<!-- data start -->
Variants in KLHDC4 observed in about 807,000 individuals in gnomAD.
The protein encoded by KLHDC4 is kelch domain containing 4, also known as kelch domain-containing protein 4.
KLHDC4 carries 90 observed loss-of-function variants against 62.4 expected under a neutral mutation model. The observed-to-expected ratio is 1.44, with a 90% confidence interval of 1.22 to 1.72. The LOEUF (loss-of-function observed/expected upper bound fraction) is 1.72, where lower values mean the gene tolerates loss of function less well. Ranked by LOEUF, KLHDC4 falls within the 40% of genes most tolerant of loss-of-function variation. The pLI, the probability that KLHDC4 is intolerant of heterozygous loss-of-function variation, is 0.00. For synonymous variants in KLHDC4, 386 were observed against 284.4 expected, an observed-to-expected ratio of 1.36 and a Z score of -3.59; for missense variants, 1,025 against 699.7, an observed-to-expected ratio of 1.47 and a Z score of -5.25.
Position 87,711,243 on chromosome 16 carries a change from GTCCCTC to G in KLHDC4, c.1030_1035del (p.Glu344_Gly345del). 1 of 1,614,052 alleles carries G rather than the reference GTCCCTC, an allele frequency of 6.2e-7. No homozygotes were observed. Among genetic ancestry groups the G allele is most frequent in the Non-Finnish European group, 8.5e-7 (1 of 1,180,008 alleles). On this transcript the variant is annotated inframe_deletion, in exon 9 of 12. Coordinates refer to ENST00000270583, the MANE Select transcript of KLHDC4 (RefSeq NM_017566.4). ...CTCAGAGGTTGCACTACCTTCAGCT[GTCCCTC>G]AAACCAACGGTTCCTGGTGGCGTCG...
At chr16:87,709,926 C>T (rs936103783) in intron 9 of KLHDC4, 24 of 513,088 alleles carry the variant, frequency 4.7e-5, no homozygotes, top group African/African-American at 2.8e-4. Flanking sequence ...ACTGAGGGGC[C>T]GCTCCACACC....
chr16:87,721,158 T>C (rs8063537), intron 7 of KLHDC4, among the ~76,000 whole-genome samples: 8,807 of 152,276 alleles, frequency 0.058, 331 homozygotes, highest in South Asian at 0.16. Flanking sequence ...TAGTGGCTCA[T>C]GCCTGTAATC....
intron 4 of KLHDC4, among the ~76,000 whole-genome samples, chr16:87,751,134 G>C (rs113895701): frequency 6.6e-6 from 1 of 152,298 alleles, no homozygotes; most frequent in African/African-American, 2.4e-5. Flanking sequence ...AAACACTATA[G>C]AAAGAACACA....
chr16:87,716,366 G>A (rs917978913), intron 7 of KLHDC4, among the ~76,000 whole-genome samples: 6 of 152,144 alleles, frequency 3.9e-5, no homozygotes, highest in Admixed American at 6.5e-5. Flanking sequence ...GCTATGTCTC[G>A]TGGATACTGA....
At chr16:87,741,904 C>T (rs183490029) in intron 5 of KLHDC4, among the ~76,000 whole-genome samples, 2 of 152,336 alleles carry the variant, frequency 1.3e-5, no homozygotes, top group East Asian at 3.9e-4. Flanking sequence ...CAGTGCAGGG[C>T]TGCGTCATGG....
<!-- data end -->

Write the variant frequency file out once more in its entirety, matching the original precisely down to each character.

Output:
Variants in KLHDC4 observed in about 807,000 individuals in gnomAD.
The protein encoded by KLHDC4 is kelch domain containing 4, also known as kelch domain-containing protein 4.
KLHDC4 carries 90 observed loss-of-function variants against 62.4 expected under a neutral mutation model. The observed-to-expected ratio is 1.44, with a 90% confidence interval of 1.22 to 1.72. The LOEUF (loss-of-function observed/expected upper bound fraction) is 1.72, where lower values mean the gene tolerates loss of function less well. Ranked by LOEUF, KLHDC4 falls within the 40% of genes most tolerant of loss-of-function variation. The pLI, the probability that KLHDC4 is intolerant of heterozygous loss-of-function variation, is 0.00. For synonymous variants in KLHDC4, 386 were observed against 284.4 expected, an observed-to-expected ratio of 1.36 and a Z score of -3.59; for missense variants, 1,025 against 699.7, an observed-to-expected ratio of 1.47 and a Z score of -5.25.
Position 87,711,243 on chromosome 16 carries a change from GTCCCTC to G in KLHDC4, c.1030_1035del (p.Glu344_Gly345del). 1 of 1,614,052 alleles carries G rather than the reference GTCCCTC, an allele frequency of 6.2e-7. No homozygotes were observed. Among genetic ancestry groups the G allele is most frequent in the Non-Finnish European group, 8.5e-7 (1 of 1,180,008 alleles). On this transcript the variant is annotated inframe_deletion, in exon 9 of 12. Coordinates refer to ENST00000270583, the MANE Select transcript of KLHDC4 (RefSeq NM_017566.4). ...CTCAGAGGTTGCACTACCTTCAGCT[GTCCCTC>G]AAACCAACGGTTCCTGGTGGCGTCG...
At chr16:87,709,926 C>T (rs936103783) in intron 9 of KLHDC4, 24 of 513,088 alleles carry the variant, frequency 4.7e-5, no homozygotes, top group African/African-American at 2.8e-4. Flanking sequence ...ACTGAGGGGC[C>T]GCTCCACACC....
chr16:87,721,158 T>C (rs8063537), intron 7 of KLHDC4, among the ~76,000 whole-genome samples: 8,807 of 152,276 alleles, frequency 0.058, 331 homozygotes, highest in South Asian at 0.16. Flanking sequence ...TAGTGGCTCA[T>C]GCCTGTAATC....
intron 4 of KLHDC4, among the ~76,000 whole-genome samples, chr16:87,751,134 G>C (rs113895701): frequency 6.6e-6 from 1 of 152,298 alleles, no homozygotes; most frequent in African/African-American, 2.4e-5. Flanking sequence ...AAACACTATA[G>C]AAAGAACACA....
chr16:87,716,366 G>A (rs917978913), intron 7 of KLHDC4, among the ~76,000 whole-genome samples: 6 of 152,144 alleles, frequency 3.9e-5, no homozygotes, highest in Admixed American at 6.5e-5. Flanking sequence ...GCTATGTCTC[G>A]TGGATACTGA....
At chr16:87,741,904 C>T (rs183490029) in intron 5 of KLHDC4, among the ~76,000 whole-genome samples, 2 of 152,336 alleles carry the variant, frequency 1.3e-5, no homozygotes, top group East Asian at 3.9e-4. Flanking sequence ...CAGTGCAGGG[C>T]TGCGTCATGG....